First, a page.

Al-Shabaab on Bombing Spree in Somalia
Onize OhikereReligious persecution, missions, Christianity around the world
- 2017 Jan 06
A car bomb exploded Jan. 4 near a United Nations compound in Somalia, wounding at least four officers, police said.
The explosion follows twin blasts on Jan. 2 that killed nine people.
Major Nur Osman, a police official at the scene, told Reuters the attackers planted the bomb in a car parked in a garage just outside a facility owned by the United Nations Development Program (UNDP) in Mogadishu, Somalia’s capital.
“We can confirm four guards working for the United Nations were injured,” Osman said.
UNDP posted on Twitter that the blast did not injure any of its staff members. Security officials said they have arrested nine suspects in connection with the attack.
Sheik Abdiasis Abu Musab, military spokesman of the Islamic extremist group al-Shabaab, confirmed the terror group carried out the explosion. Somalia has battled al-Shabaab’s insurgency since 2006. The extremist group has also launched attacks on African Union peacekeeping bases and countries that contribute to the force, including Kenya and Ethiopia. The 22,000-member force has pushed al-Shabaab out of Mogadishu but began to lose some regained territory after member countries started to pull back their troops. Uganda, which contributed more than 6,000 soldiers, said it would withdraw all its troops by the end of this year. Burundi, the second largest contributor, has also threatened to pull out by next month.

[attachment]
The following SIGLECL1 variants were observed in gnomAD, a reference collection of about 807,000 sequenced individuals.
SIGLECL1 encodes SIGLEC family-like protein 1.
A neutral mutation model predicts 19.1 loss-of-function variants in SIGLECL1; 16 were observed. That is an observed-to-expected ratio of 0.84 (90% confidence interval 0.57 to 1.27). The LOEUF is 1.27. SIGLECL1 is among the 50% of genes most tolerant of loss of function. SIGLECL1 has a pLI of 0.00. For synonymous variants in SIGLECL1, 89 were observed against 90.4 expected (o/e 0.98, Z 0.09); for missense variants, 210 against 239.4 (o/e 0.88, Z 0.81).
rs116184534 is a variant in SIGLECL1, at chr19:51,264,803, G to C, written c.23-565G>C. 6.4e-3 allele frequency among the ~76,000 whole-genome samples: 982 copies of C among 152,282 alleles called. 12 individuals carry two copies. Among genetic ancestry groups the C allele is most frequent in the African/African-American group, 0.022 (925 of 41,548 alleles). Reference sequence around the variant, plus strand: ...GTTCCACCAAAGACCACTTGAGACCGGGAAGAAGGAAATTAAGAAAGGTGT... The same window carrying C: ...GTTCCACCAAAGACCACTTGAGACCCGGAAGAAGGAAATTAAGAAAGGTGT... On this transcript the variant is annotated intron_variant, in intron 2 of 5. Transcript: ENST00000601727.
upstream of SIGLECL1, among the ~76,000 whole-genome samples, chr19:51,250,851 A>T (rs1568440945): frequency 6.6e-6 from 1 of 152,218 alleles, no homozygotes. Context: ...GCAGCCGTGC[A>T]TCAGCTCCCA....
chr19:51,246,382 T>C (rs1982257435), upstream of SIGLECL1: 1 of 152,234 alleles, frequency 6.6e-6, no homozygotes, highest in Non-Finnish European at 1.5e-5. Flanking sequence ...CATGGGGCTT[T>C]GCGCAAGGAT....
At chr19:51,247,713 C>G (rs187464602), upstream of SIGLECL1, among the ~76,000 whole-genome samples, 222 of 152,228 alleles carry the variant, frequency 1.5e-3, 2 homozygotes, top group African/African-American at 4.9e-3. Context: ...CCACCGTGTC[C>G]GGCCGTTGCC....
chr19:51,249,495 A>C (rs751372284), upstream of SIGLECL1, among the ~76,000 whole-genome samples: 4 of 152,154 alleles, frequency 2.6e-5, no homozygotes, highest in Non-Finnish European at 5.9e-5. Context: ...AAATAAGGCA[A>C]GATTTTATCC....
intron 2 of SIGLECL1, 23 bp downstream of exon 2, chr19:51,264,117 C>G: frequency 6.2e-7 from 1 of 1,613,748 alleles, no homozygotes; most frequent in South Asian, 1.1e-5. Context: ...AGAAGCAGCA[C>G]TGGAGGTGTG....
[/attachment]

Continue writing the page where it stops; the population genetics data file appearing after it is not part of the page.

On Jan. 2, al-Shabaab claimed responsibility for two attacks near the Mogadishu international airport. The first bomb targeted a checkpoint while the second went off in front of a hotel opposite the airport. Security officials said the blasts destroyed about 10 houses in the area. Rescue workers yesterday found two bodies in the hotel’s rubble, raising the death toll to nine. Officials said some families in the area have reported missing children, but their bodies have not yet been found.
“This is a terrorist act carried out by a group that does not want to see peace and governance in Somalia,” Abdulsalam Hadlive Omer, Somalia’s foreign minister, told VOA.
Courtesy: WORLD News Service
Publication date: January 6, 2017